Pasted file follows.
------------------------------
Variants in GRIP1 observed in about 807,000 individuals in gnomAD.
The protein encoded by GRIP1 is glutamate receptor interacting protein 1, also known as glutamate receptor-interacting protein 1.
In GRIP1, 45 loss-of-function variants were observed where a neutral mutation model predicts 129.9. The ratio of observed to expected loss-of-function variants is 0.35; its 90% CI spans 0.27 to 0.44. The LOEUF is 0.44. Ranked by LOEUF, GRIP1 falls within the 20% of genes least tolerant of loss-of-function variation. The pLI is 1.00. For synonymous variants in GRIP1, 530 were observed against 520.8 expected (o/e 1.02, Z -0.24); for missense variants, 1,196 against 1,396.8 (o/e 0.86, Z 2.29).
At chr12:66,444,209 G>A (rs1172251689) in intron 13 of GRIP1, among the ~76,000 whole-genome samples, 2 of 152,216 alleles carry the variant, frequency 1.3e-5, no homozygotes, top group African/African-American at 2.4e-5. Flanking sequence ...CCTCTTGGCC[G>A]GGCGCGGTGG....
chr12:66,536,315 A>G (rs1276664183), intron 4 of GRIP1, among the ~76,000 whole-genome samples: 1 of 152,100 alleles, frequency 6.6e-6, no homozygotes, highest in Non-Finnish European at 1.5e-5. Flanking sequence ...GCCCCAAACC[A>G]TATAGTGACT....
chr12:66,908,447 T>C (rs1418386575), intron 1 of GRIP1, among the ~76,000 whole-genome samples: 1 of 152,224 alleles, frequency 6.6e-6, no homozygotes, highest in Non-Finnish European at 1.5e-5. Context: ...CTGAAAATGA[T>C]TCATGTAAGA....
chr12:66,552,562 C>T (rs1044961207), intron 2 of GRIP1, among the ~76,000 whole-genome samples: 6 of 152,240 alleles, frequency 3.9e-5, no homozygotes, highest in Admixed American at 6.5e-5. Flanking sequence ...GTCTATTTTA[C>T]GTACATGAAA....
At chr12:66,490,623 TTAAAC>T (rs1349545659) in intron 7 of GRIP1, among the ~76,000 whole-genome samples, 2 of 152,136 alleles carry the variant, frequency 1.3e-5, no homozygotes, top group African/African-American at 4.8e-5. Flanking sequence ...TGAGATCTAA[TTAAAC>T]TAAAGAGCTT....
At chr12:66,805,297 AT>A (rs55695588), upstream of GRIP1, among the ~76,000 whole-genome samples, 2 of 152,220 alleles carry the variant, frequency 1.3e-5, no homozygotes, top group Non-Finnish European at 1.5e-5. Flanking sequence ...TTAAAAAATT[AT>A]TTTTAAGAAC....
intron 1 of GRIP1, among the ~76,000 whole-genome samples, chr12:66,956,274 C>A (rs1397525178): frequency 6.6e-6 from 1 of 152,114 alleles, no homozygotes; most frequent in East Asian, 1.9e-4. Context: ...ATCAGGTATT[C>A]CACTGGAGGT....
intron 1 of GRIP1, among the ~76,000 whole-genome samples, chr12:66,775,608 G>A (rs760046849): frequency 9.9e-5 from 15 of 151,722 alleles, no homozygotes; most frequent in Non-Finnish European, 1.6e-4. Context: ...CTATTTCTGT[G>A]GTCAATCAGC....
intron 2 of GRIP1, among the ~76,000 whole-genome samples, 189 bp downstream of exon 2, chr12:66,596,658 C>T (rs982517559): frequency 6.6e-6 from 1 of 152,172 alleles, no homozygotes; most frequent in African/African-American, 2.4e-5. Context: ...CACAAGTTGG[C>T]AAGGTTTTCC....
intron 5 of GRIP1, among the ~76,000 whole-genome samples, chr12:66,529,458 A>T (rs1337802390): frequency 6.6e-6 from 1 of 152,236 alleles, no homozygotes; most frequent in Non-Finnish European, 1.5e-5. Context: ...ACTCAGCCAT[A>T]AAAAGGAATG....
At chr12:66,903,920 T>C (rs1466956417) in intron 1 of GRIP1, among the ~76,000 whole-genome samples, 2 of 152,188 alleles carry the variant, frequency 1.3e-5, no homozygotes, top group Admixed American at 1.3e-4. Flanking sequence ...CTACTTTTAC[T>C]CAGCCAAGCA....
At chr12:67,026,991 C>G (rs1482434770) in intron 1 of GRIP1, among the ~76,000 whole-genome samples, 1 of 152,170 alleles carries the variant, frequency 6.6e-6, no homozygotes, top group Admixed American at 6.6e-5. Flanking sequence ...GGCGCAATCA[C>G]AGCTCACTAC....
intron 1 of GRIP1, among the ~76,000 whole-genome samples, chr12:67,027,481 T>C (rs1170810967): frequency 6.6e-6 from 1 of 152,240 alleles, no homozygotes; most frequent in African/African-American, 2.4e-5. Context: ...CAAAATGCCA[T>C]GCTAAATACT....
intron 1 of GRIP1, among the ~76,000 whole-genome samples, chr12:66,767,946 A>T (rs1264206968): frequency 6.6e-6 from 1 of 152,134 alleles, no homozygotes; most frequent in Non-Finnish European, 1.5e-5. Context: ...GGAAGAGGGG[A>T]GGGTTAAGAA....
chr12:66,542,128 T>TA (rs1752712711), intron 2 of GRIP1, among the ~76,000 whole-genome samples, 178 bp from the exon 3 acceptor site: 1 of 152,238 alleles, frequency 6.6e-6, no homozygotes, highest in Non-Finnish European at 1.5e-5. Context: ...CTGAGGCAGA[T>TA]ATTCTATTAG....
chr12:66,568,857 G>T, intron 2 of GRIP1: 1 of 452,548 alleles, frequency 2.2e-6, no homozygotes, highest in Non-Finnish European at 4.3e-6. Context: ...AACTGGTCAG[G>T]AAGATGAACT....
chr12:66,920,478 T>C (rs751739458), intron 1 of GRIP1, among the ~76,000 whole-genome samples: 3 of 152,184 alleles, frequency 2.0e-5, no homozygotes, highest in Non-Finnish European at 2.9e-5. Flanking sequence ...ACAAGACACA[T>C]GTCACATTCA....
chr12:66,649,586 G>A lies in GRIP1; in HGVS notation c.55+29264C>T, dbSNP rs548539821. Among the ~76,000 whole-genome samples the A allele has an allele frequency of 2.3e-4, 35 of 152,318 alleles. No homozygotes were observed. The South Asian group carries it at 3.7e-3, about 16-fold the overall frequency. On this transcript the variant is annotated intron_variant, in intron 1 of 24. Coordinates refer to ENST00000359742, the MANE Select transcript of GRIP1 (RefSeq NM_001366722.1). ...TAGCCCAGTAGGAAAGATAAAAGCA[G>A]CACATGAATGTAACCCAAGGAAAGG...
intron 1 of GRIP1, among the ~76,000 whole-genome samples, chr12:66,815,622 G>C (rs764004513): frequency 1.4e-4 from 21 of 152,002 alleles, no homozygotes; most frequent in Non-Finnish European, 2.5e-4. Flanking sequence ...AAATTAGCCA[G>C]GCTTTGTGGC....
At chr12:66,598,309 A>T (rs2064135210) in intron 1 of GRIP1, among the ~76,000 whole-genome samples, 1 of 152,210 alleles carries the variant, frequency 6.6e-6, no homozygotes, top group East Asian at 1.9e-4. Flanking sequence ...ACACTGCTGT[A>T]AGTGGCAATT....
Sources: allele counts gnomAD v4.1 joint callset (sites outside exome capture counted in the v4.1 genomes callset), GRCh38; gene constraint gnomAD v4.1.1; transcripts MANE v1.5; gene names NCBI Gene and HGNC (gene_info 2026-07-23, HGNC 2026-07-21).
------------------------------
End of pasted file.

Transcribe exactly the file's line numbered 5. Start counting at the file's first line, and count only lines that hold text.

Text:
chr12:66,536,315 A>G (rs1276664183), intron 4 of GRIP1, among the ~76,000 whole-genome samples: 1 of 152,100 alleles, frequency 6.6e-6, no homozygotes, highest in Non-Finnish European at 1.5e-5. Flanking sequence ...GCCCCAAACC[A>G]TATAGTGACT....